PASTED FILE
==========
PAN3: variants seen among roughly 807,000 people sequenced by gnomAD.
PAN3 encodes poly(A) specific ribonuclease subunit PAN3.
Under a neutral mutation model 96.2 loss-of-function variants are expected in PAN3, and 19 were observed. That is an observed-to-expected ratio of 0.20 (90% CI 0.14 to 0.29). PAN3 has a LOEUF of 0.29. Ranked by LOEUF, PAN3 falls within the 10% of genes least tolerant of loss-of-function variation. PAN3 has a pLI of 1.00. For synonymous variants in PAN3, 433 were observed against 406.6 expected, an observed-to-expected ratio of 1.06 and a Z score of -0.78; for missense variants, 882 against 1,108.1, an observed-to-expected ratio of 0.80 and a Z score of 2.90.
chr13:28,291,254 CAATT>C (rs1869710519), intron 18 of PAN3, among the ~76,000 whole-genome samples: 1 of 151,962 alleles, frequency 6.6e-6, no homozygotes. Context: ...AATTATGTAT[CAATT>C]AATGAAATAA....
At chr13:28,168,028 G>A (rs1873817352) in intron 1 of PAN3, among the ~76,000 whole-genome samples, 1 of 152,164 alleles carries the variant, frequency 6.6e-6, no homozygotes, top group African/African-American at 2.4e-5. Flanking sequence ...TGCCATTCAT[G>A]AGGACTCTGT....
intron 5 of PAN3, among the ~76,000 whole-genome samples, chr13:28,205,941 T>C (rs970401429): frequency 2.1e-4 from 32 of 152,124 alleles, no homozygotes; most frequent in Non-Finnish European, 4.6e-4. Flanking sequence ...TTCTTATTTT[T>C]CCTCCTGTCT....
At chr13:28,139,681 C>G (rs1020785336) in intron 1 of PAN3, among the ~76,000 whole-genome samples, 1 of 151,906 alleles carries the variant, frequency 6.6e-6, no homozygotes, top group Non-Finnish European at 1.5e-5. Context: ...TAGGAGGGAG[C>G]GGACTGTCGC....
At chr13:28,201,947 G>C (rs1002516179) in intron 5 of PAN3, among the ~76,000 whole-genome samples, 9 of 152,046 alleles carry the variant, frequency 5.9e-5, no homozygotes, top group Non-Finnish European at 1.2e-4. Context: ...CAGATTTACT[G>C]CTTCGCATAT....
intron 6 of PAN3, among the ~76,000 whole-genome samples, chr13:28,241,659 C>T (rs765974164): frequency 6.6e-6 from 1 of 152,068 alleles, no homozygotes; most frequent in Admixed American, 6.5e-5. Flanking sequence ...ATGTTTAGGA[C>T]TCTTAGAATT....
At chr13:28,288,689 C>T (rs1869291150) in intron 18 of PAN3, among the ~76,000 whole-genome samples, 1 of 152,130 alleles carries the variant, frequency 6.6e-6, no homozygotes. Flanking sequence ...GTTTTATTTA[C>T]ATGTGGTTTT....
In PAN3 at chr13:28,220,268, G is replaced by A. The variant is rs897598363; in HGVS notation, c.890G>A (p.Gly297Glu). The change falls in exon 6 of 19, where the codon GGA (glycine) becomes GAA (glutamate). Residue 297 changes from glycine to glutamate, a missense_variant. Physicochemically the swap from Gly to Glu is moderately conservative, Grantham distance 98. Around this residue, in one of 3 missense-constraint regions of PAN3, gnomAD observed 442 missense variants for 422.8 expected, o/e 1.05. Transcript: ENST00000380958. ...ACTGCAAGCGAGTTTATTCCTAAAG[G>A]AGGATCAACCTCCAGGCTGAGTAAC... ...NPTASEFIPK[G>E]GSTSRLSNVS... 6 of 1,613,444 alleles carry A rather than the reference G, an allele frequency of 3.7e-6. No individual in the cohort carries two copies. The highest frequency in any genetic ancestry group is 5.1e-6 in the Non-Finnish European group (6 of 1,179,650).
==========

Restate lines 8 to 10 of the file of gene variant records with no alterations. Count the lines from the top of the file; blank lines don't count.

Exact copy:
At chr13:28,201,947 G>C (rs1002516179) in intron 5 of PAN3, among the ~76,000 whole-genome samples, 9 of 152,046 alleles carry the variant, frequency 5.9e-5, no homozygotes, top group Non-Finnish European at 1.2e-4. Context: ...CAGATTTACT[G>C]CTTCGCATAT....
intron 6 of PAN3, among the ~76,000 whole-genome samples, chr13:28,241,659 C>T (rs765974164): frequency 6.6e-6 from 1 of 152,068 alleles, no homozygotes; most frequent in Admixed American, 6.5e-5. Flanking sequence ...ATGTTTAGGA[C>T]TCTTAGAATT....
At chr13:28,288,689 C>T (rs1869291150) in intron 18 of PAN3, among the ~76,000 whole-genome samples, 1 of 152,130 alleles carries the variant, frequency 6.6e-6, no homozygotes. Flanking sequence ...GTTTTATTTA[C>T]ATGTGGTTTT....